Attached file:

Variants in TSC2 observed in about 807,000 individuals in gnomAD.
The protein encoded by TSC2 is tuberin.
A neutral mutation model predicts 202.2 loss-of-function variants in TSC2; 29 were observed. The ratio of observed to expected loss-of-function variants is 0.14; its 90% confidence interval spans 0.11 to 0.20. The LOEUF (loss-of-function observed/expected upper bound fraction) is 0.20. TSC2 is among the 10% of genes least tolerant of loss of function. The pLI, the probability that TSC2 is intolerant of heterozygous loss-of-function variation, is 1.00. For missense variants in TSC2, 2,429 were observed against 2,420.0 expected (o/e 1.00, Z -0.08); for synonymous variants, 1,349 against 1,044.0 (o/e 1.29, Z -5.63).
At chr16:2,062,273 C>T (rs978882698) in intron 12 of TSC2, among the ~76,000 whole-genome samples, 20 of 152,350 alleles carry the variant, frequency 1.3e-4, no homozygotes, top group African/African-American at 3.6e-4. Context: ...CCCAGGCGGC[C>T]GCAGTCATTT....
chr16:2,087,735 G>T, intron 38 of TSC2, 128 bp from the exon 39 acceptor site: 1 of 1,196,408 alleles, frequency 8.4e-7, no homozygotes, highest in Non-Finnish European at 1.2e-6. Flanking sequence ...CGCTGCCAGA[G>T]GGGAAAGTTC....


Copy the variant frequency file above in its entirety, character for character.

Variants in TSC2 observed in about 807,000 individuals in gnomAD.
The protein encoded by TSC2 is tuberin.
A neutral mutation model predicts 202.2 loss-of-function variants in TSC2; 29 were observed. The ratio of observed to expected loss-of-function variants is 0.14; its 90% confidence interval spans 0.11 to 0.20. The LOEUF (loss-of-function observed/expected upper bound fraction) is 0.20. TSC2 is among the 10% of genes least tolerant of loss of function. The pLI, the probability that TSC2 is intolerant of heterozygous loss-of-function variation, is 1.00. For missense variants in TSC2, 2,429 were observed against 2,420.0 expected (o/e 1.00, Z -0.08); for synonymous variants, 1,349 against 1,044.0 (o/e 1.29, Z -5.63).
At chr16:2,062,273 C>T (rs978882698) in intron 12 of TSC2, among the ~76,000 whole-genome samples, 20 of 152,350 alleles carry the variant, frequency 1.3e-4, no homozygotes, top group African/African-American at 3.6e-4. Context: ...CCCAGGCGGC[C>T]GCAGTCATTT....
chr16:2,087,735 G>T, intron 38 of TSC2, 128 bp from the exon 39 acceptor site: 1 of 1,196,408 alleles, frequency 8.4e-7, no homozygotes, highest in Non-Finnish European at 1.2e-6. Flanking sequence ...CGCTGCCAGA[G>T]GGGAAAGTTC....